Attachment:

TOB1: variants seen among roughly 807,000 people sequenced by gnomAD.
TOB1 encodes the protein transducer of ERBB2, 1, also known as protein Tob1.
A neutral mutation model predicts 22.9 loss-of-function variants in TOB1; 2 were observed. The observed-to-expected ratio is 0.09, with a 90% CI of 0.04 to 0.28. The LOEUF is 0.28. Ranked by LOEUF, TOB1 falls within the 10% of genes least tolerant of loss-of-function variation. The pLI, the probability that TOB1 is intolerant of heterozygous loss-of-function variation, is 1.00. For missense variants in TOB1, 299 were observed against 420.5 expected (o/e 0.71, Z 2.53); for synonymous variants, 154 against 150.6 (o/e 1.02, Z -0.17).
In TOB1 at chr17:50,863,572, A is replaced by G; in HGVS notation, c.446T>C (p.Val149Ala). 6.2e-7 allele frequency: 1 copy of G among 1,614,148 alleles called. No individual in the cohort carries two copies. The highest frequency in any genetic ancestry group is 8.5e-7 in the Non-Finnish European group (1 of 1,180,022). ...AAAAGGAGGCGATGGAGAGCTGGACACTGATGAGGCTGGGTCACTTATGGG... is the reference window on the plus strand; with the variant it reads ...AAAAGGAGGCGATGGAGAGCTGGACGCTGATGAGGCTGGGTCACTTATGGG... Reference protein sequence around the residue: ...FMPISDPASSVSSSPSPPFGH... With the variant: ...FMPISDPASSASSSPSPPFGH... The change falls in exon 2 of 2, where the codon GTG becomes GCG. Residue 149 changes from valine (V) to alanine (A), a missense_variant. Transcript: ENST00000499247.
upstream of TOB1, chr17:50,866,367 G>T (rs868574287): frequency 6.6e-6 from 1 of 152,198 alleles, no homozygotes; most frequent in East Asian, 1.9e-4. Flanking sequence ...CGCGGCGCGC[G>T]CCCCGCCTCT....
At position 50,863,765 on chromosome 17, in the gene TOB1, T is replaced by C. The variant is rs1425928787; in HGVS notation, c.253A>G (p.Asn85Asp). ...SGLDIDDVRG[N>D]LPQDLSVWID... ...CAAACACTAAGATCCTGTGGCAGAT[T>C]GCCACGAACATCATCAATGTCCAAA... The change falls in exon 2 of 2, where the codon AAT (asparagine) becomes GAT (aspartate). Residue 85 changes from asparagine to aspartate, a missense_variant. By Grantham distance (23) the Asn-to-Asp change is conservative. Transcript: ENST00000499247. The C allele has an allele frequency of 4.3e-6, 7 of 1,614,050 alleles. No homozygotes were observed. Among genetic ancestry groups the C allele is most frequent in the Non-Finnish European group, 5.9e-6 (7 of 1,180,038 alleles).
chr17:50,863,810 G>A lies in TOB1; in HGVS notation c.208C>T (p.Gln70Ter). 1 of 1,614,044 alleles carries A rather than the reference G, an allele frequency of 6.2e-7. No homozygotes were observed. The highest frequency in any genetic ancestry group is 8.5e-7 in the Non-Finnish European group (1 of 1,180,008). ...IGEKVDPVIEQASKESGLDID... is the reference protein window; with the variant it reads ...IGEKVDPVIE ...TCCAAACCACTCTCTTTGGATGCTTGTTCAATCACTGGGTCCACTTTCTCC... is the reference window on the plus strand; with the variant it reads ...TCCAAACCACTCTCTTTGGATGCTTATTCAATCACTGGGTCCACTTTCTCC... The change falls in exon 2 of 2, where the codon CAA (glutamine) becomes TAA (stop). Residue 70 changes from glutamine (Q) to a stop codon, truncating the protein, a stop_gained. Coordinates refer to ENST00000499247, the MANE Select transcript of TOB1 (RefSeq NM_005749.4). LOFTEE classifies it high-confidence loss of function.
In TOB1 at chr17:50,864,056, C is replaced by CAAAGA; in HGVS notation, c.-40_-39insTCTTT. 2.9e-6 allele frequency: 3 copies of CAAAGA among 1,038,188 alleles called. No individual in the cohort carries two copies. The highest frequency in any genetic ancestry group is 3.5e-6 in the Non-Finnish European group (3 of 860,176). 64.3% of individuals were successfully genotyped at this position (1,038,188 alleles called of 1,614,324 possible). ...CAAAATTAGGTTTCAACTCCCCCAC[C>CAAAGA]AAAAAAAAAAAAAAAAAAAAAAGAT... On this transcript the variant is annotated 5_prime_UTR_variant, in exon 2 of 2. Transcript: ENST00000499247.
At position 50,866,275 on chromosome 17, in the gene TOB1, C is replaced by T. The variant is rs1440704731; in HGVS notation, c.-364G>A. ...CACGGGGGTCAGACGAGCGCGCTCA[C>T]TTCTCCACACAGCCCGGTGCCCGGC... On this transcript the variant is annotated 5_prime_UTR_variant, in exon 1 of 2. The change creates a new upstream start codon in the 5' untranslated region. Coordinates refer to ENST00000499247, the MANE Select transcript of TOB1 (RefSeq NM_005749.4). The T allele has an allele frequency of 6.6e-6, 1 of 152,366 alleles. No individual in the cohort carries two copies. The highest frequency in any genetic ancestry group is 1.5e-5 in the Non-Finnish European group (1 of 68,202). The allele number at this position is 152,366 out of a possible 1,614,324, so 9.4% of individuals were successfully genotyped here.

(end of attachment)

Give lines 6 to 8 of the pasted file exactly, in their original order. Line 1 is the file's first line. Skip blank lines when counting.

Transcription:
At position 50,863,765 on chromosome 17, in the gene TOB1, T is replaced by C. The variant is rs1425928787; in HGVS notation, c.253A>G (p.Asn85Asp). ...SGLDIDDVRG[N>D]LPQDLSVWID... ...CAAACACTAAGATCCTGTGGCAGAT[T>C]GCCACGAACATCATCAATGTCCAAA... The change falls in exon 2 of 2, where the codon AAT (asparagine) becomes GAT (aspartate). Residue 85 changes from asparagine to aspartate, a missense_variant. By Grantham distance (23) the Asn-to-Asp change is conservative. Transcript: ENST00000499247. The C allele has an allele frequency of 4.3e-6, 7 of 1,614,050 alleles. No homozygotes were observed. Among genetic ancestry groups the C allele is most frequent in the Non-Finnish European group, 5.9e-6 (7 of 1,180,038 alleles).
chr17:50,863,810 G>A lies in TOB1; in HGVS notation c.208C>T (p.Gln70Ter). 1 of 1,614,044 alleles carries A rather than the reference G, an allele frequency of 6.2e-7. No homozygotes were observed. The highest frequency in any genetic ancestry group is 8.5e-7 in the Non-Finnish European group (1 of 1,180,008). ...IGEKVDPVIEQASKESGLDID... is the reference protein window; with the variant it reads ...IGEKVDPVIE ...TCCAAACCACTCTCTTTGGATGCTTGTTCAATCACTGGGTCCACTTTCTCC... is the reference window on the plus strand; with the variant it reads ...TCCAAACCACTCTCTTTGGATGCTTATTCAATCACTGGGTCCACTTTCTCC... The change falls in exon 2 of 2, where the codon CAA (glutamine) becomes TAA (stop). Residue 70 changes from glutamine (Q) to a stop codon, truncating the protein, a stop_gained. Coordinates refer to ENST00000499247, the MANE Select transcript of TOB1 (RefSeq NM_005749.4). LOFTEE classifies it high-confidence loss of function.
In TOB1 at chr17:50,864,056, C is replaced by CAAAGA; in HGVS notation, c.-40_-39insTCTTT. 2.9e-6 allele frequency: 3 copies of CAAAGA among 1,038,188 alleles called. No individual in the cohort carries two copies. The highest frequency in any genetic ancestry group is 3.5e-6 in the Non-Finnish European group (3 of 860,176). 64.3% of individuals were successfully genotyped at this position (1,038,188 alleles called of 1,614,324 possible). ...CAAAATTAGGTTTCAACTCCCCCAC[C>CAAAGA]AAAAAAAAAAAAAAAAAAAAAAGAT... On this transcript the variant is annotated 5_prime_UTR_variant, in exon 2 of 2. Transcript: ENST00000499247.